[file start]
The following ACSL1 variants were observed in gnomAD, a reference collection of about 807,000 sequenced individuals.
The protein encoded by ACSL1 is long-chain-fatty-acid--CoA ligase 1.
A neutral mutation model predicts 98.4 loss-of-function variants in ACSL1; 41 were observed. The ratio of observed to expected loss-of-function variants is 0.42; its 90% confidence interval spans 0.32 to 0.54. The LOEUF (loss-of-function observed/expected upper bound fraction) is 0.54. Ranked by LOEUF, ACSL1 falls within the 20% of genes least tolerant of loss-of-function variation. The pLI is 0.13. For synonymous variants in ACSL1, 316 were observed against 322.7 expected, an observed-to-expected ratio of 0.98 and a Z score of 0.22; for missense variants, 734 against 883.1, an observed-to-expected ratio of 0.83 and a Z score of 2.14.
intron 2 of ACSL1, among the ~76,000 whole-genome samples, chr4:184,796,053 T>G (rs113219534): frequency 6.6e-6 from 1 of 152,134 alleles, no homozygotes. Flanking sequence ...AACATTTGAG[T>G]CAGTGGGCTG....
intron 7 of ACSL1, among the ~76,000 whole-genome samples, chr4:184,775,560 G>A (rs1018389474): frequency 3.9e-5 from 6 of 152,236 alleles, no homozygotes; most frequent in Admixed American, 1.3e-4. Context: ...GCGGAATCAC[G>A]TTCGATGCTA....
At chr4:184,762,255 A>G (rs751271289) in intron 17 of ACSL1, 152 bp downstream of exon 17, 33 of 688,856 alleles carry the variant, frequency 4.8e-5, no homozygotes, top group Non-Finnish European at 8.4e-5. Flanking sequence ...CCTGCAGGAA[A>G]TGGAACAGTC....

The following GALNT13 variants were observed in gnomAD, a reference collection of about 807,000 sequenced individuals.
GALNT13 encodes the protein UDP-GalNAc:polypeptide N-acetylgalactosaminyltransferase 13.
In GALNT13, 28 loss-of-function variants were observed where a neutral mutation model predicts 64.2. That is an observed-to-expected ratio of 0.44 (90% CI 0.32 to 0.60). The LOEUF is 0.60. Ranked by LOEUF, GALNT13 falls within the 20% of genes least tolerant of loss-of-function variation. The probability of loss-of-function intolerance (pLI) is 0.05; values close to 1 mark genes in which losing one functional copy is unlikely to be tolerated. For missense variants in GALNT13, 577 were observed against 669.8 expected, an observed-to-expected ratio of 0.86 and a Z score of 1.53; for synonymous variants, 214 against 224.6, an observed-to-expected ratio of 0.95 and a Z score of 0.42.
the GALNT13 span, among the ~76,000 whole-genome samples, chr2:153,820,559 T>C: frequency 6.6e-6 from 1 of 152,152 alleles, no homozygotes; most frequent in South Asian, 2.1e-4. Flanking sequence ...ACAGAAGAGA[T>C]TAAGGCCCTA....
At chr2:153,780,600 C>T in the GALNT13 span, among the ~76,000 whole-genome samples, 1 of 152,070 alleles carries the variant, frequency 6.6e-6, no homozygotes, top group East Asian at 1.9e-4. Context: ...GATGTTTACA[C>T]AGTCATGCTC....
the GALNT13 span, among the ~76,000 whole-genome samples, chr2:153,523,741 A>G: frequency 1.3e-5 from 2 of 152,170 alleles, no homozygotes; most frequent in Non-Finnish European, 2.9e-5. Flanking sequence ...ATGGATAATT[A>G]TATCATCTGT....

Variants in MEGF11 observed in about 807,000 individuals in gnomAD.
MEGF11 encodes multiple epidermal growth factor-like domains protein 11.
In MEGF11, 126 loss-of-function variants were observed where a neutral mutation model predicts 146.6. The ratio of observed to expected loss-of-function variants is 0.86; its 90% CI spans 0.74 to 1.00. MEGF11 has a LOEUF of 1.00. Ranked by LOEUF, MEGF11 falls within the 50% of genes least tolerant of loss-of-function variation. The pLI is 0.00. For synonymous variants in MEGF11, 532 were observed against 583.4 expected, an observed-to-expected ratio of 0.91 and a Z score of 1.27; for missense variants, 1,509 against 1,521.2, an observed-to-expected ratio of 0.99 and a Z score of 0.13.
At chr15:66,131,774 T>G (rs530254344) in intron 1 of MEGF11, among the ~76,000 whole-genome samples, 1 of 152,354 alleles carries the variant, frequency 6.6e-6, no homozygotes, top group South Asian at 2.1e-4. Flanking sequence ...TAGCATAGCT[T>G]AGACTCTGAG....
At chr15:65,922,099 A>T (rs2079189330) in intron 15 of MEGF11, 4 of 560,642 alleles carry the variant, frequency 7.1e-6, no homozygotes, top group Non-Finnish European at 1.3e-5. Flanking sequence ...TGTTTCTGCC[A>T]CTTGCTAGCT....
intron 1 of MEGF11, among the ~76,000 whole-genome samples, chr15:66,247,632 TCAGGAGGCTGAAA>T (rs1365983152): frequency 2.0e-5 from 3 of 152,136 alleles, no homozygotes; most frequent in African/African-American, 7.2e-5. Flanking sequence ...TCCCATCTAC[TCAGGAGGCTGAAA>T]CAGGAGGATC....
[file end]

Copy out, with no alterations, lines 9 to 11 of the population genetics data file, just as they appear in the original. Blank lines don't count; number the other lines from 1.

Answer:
In GALNT13, 28 loss-of-function variants were observed where a neutral mutation model predicts 64.2. That is an observed-to-expected ratio of 0.44 (90% CI 0.32 to 0.60). The LOEUF is 0.60. Ranked by LOEUF, GALNT13 falls within the 20% of genes least tolerant of loss-of-function variation. The probability of loss-of-function intolerance (pLI) is 0.05; values close to 1 mark genes in which losing one functional copy is unlikely to be tolerated. For missense variants in GALNT13, 577 were observed against 669.8 expected, an observed-to-expected ratio of 0.86 and a Z score of 1.53; for synonymous variants, 214 against 224.6, an observed-to-expected ratio of 0.95 and a Z score of 0.42.
the GALNT13 span, among the ~76,000 whole-genome samples, chr2:153,820,559 T>C: frequency 6.6e-6 from 1 of 152,152 alleles, no homozygotes; most frequent in South Asian, 2.1e-4. Flanking sequence ...ACAGAAGAGA[T>C]TAAGGCCCTA....
At chr2:153,780,600 C>T in the GALNT13 span, among the ~76,000 whole-genome samples, 1 of 152,070 alleles carries the variant, frequency 6.6e-6, no homozygotes, top group East Asian at 1.9e-4. Context: ...GATGTTTACA[C>T]AGTCATGCTC....